When the sun rose over the Massachusetts Teachers Association headquarters Monday, it was eerily quiet, even though campaign workers for Democrat Martha Coakley were supposed to be manning a phone bank. Hours reportedly passed before anybody showed up for work, despite the fact that the special election to fill Ted Kennedy’s old Senate seat was only hours away and Coakley was in a race to the finish with Republican Scott Brown.
To be sure, a Sunday evening snow storm made roads difficult to navigate Monday morning, but devoted campaign workers always find a way. Besides, the race was of such national importance that even President Barack Obama flew to the Bay State on Sunday to stump for Coakley, sounding the classic leftist themes of class warfare and envy that White House political strategists are rehearsing for this year’s midterm congressional elections.
Only a year ago, as Democrats basked in Obama’s historic victory, nobody would have predicted such a political upheaval after Kennedy’s death in arguably the bluest of blue states.
Indeed, as Washington Examiner political editor Chris Stirewalt described it in his column Monday, Democratic success among Hispanics, urban professionals and women had helped build a new coalition that would endure as white males receded like mastodons at the end of the Pleistocene epoch.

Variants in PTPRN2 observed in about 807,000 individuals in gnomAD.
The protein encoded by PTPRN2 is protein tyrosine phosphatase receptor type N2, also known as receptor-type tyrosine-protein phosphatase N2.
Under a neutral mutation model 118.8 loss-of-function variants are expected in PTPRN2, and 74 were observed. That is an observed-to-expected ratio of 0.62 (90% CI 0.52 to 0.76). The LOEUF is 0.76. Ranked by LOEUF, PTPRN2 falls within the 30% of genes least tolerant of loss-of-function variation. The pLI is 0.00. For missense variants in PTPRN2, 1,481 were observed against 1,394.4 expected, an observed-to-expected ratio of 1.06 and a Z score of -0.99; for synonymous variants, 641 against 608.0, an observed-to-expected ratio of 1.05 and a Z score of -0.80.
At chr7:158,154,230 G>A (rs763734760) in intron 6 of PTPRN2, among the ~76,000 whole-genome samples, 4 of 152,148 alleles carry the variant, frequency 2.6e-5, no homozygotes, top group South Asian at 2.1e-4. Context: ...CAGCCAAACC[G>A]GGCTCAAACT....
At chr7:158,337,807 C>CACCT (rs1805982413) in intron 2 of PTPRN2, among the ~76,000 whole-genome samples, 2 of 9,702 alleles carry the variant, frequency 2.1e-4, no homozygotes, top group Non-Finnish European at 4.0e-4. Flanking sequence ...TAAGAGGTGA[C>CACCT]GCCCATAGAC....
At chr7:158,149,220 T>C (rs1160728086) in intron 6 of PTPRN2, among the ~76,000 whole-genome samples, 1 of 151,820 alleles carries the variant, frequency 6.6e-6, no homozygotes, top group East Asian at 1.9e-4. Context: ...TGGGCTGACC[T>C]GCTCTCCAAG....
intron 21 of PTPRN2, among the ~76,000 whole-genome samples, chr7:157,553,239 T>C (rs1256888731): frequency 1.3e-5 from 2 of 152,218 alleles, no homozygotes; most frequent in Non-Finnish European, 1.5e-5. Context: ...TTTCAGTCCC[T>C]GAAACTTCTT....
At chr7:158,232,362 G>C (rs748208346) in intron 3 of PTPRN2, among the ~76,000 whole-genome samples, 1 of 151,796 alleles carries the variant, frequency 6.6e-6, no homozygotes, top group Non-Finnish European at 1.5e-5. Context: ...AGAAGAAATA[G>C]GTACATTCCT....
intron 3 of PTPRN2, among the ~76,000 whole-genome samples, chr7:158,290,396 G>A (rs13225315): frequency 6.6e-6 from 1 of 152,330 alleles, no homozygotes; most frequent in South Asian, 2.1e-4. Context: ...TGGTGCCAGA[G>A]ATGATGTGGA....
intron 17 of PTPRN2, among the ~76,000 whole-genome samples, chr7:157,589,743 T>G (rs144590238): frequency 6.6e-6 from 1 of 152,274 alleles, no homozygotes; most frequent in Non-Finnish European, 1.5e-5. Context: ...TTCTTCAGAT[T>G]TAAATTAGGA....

Today, however, 60 percent of respondents to a recent Massachusetts poll said America would be better off today if Republican Sen. John McCain had defeated Obama. And Brown has come from 30 points behind just weeks ago to catch Coakley or perhaps even surge a few points ahead. How times do change.
What happened in the past year to spark such profound changes in the political scene? Two things: A $787 billion economic stimulus package and the $1 trillion-plus Obamacare proposal to put government bureaucrats between America’s doctors and patients. The former is now best known for creating phantom jobs in phantom ZIP codes in phantom congressional districts. Meanwhile, instead of keeping unemployment below 8 percent, as Obama promised, the stimulus program has failed to push it below
10 percent for months on end. As for Obamacare, the more people learn about it, the more unpopular it is.
Scott Brown may yet lose today’s Massachusetts special election, but regardless, the biggest loser will almost certainly be the man in the White House and his Democratic compatriots leading Congress.